According to the Centers for Disease Control and Prevention, “The presence of contaminants in water can lead to adverse health effects, including gastrointestinal illness, reproductive problems, and neurological disorders.” These health issues are only a few of the harsh side effects of drinking contaminated water. The article further mentions how people with compromised immunities, like pregnant women, children, infants, and the elderly are more susceptible to these waterborne diseases. In countries like Niger where safe drinking water is not accessible, ailments such as River Blindness and death ensue. Additionally, in Niger, the leading cause of death in children under the age of five is caused by contaminated water and poor sanitation practices. With numerous health concerns, clean water is a necessity for everyone around the world. However, in many developing nations, there is clean water in the aquifer, but the citizens do not have access to it. Wells Bring Hope recognized this problem and thus began drilling wells. However, providing clean water is only part of the solution. One way to ensure the groundwater does not get contaminated further is by teaching Nigerians about public health. Wells Bring Hope does this by building latrines to eradicate the practice of open defecation — which is often directly associated with polluted water. Once public safety practices are established and a clean aquifer is accessible, various illnesses and death rates will decline.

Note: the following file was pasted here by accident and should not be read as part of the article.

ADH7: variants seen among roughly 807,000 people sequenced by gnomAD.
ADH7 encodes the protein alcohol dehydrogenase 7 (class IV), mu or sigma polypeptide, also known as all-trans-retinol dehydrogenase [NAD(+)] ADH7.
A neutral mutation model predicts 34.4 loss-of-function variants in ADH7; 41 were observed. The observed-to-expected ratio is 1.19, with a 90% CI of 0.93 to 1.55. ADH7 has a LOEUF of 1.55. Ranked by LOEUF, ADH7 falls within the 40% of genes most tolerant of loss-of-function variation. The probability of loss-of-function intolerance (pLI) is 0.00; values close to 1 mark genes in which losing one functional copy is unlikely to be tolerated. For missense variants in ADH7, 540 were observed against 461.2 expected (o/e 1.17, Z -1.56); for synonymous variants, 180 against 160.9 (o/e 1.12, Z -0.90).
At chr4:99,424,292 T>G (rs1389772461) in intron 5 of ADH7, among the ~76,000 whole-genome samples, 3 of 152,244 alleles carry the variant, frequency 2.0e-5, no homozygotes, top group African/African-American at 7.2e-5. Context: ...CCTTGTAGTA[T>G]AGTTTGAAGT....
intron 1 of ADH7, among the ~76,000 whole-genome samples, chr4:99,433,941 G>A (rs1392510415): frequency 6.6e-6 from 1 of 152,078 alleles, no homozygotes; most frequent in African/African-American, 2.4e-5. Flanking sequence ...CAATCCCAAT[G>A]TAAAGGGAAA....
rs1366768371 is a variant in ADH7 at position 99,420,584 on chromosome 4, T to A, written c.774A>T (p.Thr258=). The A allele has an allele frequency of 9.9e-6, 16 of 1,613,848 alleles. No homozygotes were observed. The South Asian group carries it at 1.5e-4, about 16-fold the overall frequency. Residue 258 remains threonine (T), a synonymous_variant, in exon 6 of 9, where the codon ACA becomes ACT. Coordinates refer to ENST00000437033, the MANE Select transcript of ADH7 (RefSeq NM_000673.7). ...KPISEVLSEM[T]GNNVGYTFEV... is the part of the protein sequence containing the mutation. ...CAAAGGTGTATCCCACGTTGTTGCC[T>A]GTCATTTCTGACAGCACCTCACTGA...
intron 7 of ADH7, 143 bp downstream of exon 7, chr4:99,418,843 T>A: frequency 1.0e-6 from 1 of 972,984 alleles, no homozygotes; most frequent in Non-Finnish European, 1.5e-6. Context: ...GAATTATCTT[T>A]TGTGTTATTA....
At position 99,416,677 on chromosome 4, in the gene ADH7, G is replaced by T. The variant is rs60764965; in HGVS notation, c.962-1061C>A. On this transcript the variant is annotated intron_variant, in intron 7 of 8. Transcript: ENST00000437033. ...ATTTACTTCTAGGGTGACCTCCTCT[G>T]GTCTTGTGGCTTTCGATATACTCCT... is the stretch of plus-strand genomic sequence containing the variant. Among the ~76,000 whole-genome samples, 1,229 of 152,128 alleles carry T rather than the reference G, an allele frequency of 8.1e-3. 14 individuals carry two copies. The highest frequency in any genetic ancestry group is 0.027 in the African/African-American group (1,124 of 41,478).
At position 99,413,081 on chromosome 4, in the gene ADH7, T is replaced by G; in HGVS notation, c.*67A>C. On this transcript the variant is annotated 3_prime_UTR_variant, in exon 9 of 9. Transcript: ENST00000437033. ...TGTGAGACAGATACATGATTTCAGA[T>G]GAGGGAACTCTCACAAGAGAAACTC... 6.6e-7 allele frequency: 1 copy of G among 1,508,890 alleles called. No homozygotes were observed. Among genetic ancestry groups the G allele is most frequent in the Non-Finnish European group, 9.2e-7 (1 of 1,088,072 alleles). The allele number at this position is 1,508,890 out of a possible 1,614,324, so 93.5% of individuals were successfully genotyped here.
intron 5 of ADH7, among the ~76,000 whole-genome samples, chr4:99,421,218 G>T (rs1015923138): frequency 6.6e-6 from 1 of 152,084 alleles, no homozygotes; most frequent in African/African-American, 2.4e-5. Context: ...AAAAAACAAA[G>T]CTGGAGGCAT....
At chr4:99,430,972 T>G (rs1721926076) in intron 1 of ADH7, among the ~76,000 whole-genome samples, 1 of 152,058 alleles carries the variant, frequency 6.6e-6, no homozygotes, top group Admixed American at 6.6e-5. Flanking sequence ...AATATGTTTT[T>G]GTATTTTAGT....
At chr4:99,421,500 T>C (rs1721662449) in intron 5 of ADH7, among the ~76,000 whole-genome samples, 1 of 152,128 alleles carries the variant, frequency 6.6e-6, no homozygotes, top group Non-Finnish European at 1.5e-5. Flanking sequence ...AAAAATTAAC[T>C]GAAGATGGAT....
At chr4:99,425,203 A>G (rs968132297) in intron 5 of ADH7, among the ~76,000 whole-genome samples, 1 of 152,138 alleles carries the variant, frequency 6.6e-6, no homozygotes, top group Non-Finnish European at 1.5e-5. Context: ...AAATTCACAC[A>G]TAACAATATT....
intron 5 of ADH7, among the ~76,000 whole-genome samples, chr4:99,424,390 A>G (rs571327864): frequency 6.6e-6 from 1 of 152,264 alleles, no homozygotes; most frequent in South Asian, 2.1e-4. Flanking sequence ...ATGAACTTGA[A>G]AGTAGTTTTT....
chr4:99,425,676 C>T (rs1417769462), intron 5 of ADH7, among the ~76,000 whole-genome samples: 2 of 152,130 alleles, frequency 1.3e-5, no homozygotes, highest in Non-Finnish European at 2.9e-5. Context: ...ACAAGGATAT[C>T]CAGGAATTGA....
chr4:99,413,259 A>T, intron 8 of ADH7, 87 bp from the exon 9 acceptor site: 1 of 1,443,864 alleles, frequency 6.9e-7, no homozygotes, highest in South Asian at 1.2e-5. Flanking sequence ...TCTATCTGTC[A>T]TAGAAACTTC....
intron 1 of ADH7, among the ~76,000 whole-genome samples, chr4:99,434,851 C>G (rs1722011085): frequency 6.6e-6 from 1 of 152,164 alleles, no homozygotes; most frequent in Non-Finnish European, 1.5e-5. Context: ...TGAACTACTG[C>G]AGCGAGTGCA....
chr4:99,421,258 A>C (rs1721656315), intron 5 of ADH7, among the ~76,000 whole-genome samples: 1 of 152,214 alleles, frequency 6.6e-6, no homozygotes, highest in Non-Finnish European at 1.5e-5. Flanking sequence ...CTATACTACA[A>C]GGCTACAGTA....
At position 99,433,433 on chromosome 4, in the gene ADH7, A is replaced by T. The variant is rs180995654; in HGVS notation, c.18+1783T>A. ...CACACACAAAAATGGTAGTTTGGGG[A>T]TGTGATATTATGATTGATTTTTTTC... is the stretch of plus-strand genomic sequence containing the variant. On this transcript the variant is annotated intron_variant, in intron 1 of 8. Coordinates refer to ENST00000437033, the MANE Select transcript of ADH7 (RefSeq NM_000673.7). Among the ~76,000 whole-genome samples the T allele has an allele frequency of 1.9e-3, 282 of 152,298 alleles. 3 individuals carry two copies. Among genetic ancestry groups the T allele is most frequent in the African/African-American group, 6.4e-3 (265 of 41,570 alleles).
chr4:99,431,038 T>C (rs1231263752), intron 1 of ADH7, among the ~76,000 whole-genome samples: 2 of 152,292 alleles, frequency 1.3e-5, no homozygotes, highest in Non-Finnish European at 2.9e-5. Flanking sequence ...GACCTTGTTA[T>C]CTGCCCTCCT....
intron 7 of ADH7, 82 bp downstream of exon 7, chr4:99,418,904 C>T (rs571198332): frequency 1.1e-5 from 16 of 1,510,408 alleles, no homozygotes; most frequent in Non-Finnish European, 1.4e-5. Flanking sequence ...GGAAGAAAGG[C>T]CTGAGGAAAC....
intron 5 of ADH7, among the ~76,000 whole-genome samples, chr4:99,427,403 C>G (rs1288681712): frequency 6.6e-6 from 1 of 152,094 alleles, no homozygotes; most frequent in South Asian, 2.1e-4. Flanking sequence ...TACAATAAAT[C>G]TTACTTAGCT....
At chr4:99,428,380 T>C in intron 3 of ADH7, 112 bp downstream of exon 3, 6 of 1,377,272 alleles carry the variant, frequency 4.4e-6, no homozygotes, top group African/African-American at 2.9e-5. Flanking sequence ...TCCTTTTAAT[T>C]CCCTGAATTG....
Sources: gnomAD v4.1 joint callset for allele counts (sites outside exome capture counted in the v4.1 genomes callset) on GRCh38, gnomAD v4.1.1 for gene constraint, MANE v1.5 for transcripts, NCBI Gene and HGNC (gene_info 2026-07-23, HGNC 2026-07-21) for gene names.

Oftentimes in countries where sterile water is not abundant, the economy is not good either. A report recorded by The World Bank, mentions “…that a lack of clean water limits economic growth by one-third.” One of the main sources of income for developing nations and economically secure countries alike is agriculture. When crops come into contact with unclean water, the crops then become contaminated, as well. As these unsafe crops are being sold, many individuals become sick and may even die. Furthermore, people will be less likely to return to the market where the food made them sick. However, these countries do not have the funds to buy products outside of their nation, so the cycle is repeated. When wells are drilled and a clean aquifer is established, the water increases the nutritional value of fruits and vegetables; therefore, causing more people to buy the products and increasing the economy. Additionally, Wells Bring Hope helps women create a business to help their husbands pay the bills and establish savings for times of need. Establishing small businesses in developing countries helps boost the economy and leads to a better life. Although clean water directly influences education, health, and the economy, it also increases a person’s quality of life. One of the social changes that have come from clean water is the ridding of child marriages. As soon as young girls in Niger, and many other countries, begin to menstruate, they are forced to marry and begin having children. This social practice of child marriages is extremely harmful as young girls are more likely to experience physical and sexual violence, dangerous complications in pregnancy and childbirth, contracting diseases like HIV or AIDS, and domestic violence (“Marriage”). When wells are drilled, these young girls can stay in school, get an education, start a small business, and become successful young women with the choice of when and whom to marry. This is one of many reasons why having access to clean water changes lives.